“Printing is out of control” it has been said, and certainly in many universities and colleges, this is true of staff printing. In many institutions there is to be found a plethora of individual use, low-capacity printers attached to individual computers about which the users exhibit strong proprietorial and territorial behaviour. Typically these printers do not print on both sides of the paper (Duplex) and may have high stand-by rates of power usage.
The way out of this state of affairs is, in theory, quite straightforward. Instead of the mixed economy of printing provision provide a much smaller number of energy efficient multi-function devices (MFDs), with Duplex enabled by default, and add in “pull printing” so that jobs are printed only when the user wlaks up to the device and requests the job using a PIN code or smart card. That’s the theory.
However, experience shows that this is not always that easy. There are always the special cases and a reluctance to relinquish cherished pieces of what are seen as personal equipment. People don’t necessarily want to have to get out of their chairs and walk across the office to a printer, or to walk down the corridor to another office. In many older buildings on our campuses it may be hard to find places where MFDs can be sensibly positioned.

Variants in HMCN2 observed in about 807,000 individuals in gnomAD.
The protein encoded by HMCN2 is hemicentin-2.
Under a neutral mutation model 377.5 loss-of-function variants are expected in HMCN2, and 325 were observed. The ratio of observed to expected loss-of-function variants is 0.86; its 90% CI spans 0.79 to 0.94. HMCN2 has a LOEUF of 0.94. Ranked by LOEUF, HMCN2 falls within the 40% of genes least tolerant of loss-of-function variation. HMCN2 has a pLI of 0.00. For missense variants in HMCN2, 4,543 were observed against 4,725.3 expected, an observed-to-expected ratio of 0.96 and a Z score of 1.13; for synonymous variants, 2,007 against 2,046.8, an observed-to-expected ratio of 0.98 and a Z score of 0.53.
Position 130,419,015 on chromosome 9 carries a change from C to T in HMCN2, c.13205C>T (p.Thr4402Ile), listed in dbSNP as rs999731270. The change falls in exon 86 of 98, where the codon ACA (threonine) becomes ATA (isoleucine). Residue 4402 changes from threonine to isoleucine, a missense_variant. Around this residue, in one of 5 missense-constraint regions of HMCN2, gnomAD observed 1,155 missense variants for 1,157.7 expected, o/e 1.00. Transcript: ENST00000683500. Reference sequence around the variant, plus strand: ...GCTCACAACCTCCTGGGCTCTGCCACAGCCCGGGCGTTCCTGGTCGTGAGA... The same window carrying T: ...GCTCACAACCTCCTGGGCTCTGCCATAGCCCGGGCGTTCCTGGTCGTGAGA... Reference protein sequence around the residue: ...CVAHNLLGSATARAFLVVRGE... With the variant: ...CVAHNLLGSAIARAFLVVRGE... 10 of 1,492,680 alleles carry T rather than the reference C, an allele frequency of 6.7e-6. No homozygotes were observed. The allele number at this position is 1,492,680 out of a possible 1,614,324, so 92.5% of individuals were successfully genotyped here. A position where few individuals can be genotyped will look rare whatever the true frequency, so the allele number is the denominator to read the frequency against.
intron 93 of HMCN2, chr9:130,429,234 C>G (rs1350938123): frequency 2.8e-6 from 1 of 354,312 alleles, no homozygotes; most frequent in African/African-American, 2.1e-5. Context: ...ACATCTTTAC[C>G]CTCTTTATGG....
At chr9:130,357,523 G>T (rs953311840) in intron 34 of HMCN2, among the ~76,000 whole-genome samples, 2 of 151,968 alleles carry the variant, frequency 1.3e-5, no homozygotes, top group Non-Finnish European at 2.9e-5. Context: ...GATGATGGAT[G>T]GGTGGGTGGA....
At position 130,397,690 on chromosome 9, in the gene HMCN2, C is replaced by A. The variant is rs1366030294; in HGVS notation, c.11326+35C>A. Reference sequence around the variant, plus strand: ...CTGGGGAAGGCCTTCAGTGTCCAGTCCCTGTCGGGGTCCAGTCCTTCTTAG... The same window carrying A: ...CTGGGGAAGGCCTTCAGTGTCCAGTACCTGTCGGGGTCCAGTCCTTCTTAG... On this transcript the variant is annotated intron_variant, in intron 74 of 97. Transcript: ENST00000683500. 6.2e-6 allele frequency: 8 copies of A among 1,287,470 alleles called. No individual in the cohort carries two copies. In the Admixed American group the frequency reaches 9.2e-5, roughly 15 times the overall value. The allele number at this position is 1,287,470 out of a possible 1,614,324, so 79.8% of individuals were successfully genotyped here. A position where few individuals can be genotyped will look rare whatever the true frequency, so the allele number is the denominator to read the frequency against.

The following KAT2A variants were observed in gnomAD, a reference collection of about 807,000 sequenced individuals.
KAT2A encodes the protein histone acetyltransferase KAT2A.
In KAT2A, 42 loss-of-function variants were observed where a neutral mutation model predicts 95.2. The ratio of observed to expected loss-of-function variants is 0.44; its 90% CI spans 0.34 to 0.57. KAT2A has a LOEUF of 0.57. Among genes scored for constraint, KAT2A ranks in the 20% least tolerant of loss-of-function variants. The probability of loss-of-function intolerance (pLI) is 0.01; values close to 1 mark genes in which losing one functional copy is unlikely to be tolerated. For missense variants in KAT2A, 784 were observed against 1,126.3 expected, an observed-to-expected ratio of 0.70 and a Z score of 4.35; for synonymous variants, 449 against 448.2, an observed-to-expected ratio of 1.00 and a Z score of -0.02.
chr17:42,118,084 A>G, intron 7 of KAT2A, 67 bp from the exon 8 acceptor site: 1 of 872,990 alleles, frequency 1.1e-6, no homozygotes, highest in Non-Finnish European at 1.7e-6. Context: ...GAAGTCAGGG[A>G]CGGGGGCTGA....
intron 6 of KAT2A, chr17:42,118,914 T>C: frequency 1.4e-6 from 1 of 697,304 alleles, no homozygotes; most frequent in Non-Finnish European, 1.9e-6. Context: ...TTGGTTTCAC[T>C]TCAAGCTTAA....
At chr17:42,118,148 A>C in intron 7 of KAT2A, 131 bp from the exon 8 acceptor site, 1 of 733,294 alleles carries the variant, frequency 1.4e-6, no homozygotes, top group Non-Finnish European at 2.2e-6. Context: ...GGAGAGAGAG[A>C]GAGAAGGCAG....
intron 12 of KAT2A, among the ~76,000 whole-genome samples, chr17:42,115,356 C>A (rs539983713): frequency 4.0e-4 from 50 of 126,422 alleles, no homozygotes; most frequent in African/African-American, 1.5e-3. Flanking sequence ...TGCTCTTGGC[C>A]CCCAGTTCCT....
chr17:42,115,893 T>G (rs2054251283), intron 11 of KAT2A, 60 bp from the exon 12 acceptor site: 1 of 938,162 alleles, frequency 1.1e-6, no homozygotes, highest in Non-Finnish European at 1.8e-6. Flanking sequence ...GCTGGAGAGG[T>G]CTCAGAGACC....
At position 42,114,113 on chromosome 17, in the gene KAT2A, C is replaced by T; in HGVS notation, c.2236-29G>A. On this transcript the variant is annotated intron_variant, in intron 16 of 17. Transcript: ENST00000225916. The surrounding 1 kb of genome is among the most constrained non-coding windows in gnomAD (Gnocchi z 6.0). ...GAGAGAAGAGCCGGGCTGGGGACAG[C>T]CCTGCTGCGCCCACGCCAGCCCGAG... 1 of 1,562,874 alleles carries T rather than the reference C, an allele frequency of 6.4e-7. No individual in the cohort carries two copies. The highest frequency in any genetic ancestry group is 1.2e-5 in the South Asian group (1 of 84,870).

In the Greening ICT programme, JISC has funded a project called “Printing Efficiently and Greener (PEG)” at the University of East London:
“The overall aim of PEG is to investigate how barriers to GreenICT can be overcome within a HEI, especially in terms of cross-departmental working and implementing staff behavioural change programmes. This will be achieved by looking at the specific issue of improving the efficiency of printing to deliver a long-term sustainable solution. Rather than just merely implementing changes at an operational level, this project aims to increase understanding of a consultative approach to behavioural change.”
To help insitutions to tackle these issues the JISC funded ICT Energy and Carbon Management project, being run by the Environmental Association of Universities and Colleges (EAUC), is running a workshop at East London University on may 27th 2010. This event is free to attend, but priority will be given to delegates from the London and Yorkshire & Humbershire region, where the EAUC is spearheading its work in helping institutions establish their carbon footprints and then reduce them.